There are two opposing schools about breakfast. If you knew you were not going to be into fish for two or three hours, a good, big breakfast would be the thing. Maybe it is a good thing anyway but I do not want to trust it, so drink a glass of vichy, a glass of cold milk and eat a piece of Cuban bread, read the papers and walk down to the boat. I have hooked them on a full stomach in that sun and I do not want to hook any more of them that way.(See Endnote # 2)

In addition to such analysis, Hemingway’s tales are filled with human emotion, sarcasm, wit, humor, introspection and reflection. The following is an excerpt from an article that first appeared in 1923 in the Toronto Star Weekly, where Hemingway uses his acerbic sense of humor to mock those that transformed the purity of fly-fishing into nothing more than an ostentatious show of materialism.

Bill Jones went to visit a French financier who lives near Deauville and has a private trout stream. The financier was very fat. His stream was very thin. . . If undressed and put back on the shelf piece by piece the financier would have stocked a sporting goods store. Placed end to end his collection of flies would have reached from Keokuk, Illinois to Paris, Ontario. The price of his rod would have made a substantial dent in the interallied debt or served to foment a central American revolution. . . The financier flung a pretty poisonous fly. (See Endnote # 3).

Hemingway also used his keen sense of observation to admonish those that were then and still are ambivalent to the magnificent quarry pursued by our beloved art of fly-fishing. Here is one example from Big Two Hearted River, Part II which is excerpted in Hemingway On Fishing.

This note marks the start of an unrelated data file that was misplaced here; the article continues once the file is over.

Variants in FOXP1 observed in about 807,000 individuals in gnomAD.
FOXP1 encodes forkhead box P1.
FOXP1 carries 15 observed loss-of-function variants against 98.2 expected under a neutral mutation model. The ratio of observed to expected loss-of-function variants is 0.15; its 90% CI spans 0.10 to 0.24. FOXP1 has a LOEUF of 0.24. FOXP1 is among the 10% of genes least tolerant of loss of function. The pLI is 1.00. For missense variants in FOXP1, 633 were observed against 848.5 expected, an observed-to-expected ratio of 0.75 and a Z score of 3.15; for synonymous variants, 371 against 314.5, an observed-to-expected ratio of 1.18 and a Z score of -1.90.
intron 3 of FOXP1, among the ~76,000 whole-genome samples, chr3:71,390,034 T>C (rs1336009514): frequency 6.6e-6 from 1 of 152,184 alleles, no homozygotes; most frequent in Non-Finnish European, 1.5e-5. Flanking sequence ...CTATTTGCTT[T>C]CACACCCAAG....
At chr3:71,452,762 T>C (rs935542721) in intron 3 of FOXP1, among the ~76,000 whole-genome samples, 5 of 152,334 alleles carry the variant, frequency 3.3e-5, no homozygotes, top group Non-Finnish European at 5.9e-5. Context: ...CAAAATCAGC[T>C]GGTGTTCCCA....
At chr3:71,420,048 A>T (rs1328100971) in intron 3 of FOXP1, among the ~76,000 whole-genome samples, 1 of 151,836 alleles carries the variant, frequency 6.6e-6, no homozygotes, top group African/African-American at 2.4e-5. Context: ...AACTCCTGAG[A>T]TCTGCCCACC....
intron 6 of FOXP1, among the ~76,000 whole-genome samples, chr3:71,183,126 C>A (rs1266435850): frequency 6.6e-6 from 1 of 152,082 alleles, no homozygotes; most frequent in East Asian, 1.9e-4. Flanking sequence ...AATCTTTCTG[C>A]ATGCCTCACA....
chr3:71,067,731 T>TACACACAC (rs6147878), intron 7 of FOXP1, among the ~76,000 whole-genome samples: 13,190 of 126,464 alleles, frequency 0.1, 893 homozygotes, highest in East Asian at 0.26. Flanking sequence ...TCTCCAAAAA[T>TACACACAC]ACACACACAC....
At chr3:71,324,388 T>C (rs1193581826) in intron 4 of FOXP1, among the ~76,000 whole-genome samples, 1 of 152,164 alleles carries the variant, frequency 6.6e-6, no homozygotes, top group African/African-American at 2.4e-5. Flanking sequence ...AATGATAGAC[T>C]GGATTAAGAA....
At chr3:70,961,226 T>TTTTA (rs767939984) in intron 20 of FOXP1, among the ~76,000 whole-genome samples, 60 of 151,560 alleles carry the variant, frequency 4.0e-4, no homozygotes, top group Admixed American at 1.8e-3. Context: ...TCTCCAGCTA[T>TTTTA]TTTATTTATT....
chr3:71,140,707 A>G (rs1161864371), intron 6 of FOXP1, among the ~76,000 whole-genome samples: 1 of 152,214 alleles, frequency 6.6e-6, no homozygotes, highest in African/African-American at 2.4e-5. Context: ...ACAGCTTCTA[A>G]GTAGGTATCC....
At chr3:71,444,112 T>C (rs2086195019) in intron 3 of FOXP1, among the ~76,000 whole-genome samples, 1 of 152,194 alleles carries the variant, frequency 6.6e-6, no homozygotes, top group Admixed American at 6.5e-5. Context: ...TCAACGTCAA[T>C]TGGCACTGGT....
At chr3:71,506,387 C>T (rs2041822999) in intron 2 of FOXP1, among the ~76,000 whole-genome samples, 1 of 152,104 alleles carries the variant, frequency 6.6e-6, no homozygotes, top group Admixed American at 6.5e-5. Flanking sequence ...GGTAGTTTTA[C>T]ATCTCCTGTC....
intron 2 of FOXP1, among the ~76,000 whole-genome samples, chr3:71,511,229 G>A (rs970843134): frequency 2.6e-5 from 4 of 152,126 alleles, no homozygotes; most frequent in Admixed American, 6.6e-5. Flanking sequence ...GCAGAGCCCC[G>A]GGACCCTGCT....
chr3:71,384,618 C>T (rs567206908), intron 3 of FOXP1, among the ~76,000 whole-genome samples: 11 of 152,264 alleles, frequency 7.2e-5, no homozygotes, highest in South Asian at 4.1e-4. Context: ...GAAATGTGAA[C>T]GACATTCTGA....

He had wet his hands before he touched the trout, so he would not disturb the delicate mucus that covered him. If a trout was touched with a dry hand, a white fungus attacked the unprotected spot. Years before when he had fished crowded streams, with fly fisherman ahead of him and behind him, Nick had again and again come upon dead trout, furry with white fungus, drifted against a rock, or floating belly up in some pool. Nick did not like to fish with other men on the river. Unless they were of your party they spoiled it. (See Endnote # 3)

This treasured Hemingway compilation also contains 32 black and white photographs of Hemmingway fishing throughout the years starting with a picture of Hemingway, at age 3, from fishing off a dock along Walloon Lake through many years of fly-fishing, the years fishing off the coast of Cuba from his boat the Pilar, to a last photograph with a great Marlin taken in 1948.

For reasons often speculated at, but known only to him, Hemingway ended his life on July 2, 1963 in Idaho. This wonderful, perhaps miraculous, compilation, will allow the spirit of Hemingway, The Fisherman to live on forever. Whether you be a fly-fisherman, a saltwater game fisherman, weekend angler, or simply walk the same Earth as such fisherman, this is a MUST read. 



1. Id. P. 90 (Edited for review purposes).

2. Id. P. 102.

3. Id. P. 95.

4. Id. P.17.


Leave a Reply

Fill in your details below or click an icon to log in:

WordPress.com Logo

You are commenting using your WordPress.com account. Log Out /  Change )

Twitter picture

You are commenting using your Twitter account. Log Out /  Change )

Facebook photo

You are commenting using your Facebook account. Log Out /  Change )

Connecting to %s

This site uses Akismet to reduce spam. Learn how your comment data is processed.

%d bloggers like this: